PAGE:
The brain and spinal cord are covered by layers of tissue. These layers are called the meninges. Bacterial meningitis is an infection of the meninges.
It is an urgent issue that will need immediate treatment. Severe infections can lead to death within hours.
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The infection is caused by bacteria. There are many different types. Some are more likely to cause a severe infection than others.
Bacteria is most often passed from an infected person through:
Bacterial meningitis is more common in:
Other factors that may increase your chance of getting bacterial meningitis include:
Classic symptoms can develop over several hours or may take 1-2 days:
Other symptoms may include:
Symptoms can be hard to spot in newborns and infants. Infants under 3 months old with a fever are often checked for meningitis. Symptoms in newborns and infants may include:
Complications of bacterial meningitis include:
You will be asked about your symptoms and medical history. A physical exam will be done.
Your bodily fluids may be tested. This can be done with:
Imaging tests of the brain and spinal cord may be done with:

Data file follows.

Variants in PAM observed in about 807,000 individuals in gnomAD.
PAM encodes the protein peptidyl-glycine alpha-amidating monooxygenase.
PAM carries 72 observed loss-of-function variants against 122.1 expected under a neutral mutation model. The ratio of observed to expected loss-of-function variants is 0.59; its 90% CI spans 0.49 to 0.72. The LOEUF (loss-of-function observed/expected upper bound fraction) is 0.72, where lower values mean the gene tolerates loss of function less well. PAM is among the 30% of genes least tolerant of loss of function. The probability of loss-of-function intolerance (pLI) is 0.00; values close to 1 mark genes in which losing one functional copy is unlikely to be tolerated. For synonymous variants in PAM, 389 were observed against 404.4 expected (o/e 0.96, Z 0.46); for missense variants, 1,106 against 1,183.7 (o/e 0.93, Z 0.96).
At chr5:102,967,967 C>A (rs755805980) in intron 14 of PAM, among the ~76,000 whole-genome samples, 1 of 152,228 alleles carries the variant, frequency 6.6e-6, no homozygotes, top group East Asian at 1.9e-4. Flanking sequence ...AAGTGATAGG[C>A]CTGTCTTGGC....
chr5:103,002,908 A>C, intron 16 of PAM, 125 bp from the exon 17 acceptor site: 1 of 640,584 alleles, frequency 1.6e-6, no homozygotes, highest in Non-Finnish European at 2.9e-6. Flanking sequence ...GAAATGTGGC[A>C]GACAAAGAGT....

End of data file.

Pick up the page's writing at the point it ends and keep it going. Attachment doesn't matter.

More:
Immediate care will include:
Most will survive with immediate care.
People usually stay in the hospital until the fever has fallen. The fluid around the spine and the brain will also need to be clear of infection. This may mean several days in the hospital.
Antibiotics are given through an IV. It will be started as soon as the infection is suspected. Tests will be done to find the exact type of bacteria. The type of antibiotics may be changed after the test results are in.
Corticosteroids help to control brain pressure and swelling. It can help to prevent further damage to the brain. This may decrease risk of complications after, like hearing loss.
Fluids can be lost due to fever, sweating, or vomiting. IV fluids will help you until you are feeling better.
Your doctor may also advise:
Steps that may help you reduce your chance of getting bacterial meningitis include:
Centers for Disease Control and Prevention
Meningitis Foundation of American
Meningitis Research Foundation of Canada
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Last reviewed January 2018 by EBSCO Medical Review Board Rimas Lukas, MD Last Updated: 7/17/2018